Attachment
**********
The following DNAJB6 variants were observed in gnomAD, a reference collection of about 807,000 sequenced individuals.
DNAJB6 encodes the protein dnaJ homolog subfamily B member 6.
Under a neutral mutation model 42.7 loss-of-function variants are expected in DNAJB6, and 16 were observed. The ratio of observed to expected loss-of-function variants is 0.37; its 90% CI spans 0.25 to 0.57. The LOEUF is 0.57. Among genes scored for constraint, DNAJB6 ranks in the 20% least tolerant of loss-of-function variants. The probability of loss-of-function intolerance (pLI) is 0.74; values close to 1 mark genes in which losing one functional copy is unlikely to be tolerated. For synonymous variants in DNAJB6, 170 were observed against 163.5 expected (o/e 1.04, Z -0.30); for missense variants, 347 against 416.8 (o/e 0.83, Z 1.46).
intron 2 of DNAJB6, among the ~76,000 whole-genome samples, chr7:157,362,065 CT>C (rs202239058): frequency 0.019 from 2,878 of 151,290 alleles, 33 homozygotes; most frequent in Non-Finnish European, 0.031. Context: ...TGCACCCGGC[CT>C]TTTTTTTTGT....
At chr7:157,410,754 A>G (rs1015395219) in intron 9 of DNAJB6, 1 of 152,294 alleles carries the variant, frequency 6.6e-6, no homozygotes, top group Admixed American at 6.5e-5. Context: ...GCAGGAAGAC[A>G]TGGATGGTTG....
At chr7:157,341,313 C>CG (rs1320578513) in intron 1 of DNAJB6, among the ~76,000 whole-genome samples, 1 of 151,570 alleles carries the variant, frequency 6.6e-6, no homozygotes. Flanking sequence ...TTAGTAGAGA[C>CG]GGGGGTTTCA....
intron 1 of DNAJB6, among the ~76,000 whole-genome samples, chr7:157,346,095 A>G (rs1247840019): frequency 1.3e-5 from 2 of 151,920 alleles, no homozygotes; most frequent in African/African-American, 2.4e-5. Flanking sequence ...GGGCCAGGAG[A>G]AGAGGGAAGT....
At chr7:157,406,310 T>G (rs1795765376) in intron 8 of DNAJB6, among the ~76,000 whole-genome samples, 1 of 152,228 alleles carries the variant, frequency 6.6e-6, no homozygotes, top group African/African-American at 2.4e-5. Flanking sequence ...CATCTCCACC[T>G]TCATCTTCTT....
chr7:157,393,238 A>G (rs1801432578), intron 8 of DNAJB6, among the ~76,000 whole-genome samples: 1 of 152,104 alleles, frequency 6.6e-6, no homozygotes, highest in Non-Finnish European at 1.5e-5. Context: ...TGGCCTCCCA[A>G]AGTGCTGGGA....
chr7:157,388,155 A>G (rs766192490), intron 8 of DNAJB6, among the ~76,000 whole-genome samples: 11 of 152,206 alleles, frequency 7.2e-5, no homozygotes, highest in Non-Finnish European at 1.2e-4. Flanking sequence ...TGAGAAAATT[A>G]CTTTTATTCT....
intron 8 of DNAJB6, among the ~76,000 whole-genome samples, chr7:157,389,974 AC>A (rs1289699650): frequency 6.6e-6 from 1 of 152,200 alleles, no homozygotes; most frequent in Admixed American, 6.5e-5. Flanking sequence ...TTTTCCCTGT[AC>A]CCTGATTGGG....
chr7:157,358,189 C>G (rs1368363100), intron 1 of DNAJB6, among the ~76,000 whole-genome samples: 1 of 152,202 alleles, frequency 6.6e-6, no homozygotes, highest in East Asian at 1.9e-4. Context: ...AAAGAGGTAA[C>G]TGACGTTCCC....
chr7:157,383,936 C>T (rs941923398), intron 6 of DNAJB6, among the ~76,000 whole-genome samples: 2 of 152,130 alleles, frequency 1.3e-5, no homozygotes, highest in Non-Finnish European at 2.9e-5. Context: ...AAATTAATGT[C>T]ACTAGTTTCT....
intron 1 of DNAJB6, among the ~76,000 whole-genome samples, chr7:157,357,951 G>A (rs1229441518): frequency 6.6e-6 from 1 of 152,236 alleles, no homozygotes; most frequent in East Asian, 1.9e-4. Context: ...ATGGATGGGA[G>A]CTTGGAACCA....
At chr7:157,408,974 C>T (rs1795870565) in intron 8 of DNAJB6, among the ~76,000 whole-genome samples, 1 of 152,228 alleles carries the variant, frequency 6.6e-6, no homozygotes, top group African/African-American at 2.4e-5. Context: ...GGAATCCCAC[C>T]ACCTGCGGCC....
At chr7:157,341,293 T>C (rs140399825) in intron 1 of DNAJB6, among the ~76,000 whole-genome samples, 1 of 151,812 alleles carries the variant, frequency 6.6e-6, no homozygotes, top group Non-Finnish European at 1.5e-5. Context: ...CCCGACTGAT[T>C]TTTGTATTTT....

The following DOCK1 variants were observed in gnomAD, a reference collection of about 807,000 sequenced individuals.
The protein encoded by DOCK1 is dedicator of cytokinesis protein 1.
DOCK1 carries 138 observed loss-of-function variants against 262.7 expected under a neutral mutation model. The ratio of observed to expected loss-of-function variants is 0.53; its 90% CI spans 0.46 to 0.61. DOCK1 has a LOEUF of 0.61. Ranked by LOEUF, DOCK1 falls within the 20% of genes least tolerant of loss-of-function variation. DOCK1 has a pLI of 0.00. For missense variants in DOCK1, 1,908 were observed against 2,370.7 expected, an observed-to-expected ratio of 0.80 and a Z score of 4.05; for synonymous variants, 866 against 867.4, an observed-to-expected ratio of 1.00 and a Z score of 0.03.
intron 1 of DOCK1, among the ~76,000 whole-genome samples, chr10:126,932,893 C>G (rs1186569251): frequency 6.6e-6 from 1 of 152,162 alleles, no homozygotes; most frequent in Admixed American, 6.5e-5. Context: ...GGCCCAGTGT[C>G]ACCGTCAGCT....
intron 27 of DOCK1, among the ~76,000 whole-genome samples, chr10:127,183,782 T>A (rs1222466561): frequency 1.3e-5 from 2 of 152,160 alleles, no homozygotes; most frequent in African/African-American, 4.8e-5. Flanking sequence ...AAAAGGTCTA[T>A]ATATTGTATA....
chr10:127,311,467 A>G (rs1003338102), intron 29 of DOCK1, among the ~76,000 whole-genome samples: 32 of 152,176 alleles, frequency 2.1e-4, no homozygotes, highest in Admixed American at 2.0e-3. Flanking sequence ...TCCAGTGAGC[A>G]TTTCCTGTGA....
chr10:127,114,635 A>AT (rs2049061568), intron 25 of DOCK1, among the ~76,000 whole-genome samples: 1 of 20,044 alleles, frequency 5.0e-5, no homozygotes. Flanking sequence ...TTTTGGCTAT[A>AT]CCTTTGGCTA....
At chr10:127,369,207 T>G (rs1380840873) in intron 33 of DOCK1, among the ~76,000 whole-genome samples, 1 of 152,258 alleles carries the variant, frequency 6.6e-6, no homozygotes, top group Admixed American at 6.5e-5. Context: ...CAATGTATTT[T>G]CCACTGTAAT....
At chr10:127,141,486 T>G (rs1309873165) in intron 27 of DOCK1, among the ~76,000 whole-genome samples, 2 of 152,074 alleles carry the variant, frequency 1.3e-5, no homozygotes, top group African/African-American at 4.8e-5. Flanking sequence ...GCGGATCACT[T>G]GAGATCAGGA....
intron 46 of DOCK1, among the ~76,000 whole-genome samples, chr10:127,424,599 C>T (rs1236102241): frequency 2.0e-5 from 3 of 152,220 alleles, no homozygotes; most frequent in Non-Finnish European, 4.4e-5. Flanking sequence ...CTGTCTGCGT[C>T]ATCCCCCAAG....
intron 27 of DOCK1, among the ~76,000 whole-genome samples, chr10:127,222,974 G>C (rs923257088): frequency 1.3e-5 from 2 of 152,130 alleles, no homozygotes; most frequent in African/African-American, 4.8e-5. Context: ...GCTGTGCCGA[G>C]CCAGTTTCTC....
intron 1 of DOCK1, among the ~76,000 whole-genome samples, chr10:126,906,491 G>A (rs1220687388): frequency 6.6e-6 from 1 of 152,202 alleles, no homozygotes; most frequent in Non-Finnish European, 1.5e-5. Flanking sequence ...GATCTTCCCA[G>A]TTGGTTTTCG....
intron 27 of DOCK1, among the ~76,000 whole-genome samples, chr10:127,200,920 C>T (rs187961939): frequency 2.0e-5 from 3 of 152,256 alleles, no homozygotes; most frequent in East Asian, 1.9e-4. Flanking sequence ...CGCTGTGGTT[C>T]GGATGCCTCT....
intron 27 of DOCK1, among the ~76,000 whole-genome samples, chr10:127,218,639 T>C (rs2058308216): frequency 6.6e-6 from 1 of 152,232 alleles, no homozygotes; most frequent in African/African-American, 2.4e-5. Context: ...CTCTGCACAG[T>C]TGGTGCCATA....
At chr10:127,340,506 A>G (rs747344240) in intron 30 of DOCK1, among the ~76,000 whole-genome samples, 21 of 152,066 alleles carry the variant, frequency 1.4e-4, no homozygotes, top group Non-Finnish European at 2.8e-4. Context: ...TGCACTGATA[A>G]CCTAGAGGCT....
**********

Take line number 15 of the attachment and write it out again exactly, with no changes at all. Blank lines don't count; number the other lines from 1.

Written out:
At chr7:157,408,974 C>T (rs1795870565) in intron 8 of DNAJB6, among the ~76,000 whole-genome samples, 1 of 152,228 alleles carries the variant, frequency 6.6e-6, no homozygotes, top group African/African-American at 2.4e-5. Context: ...GGAATCCCAC[C>T]ACCTGCGGCC....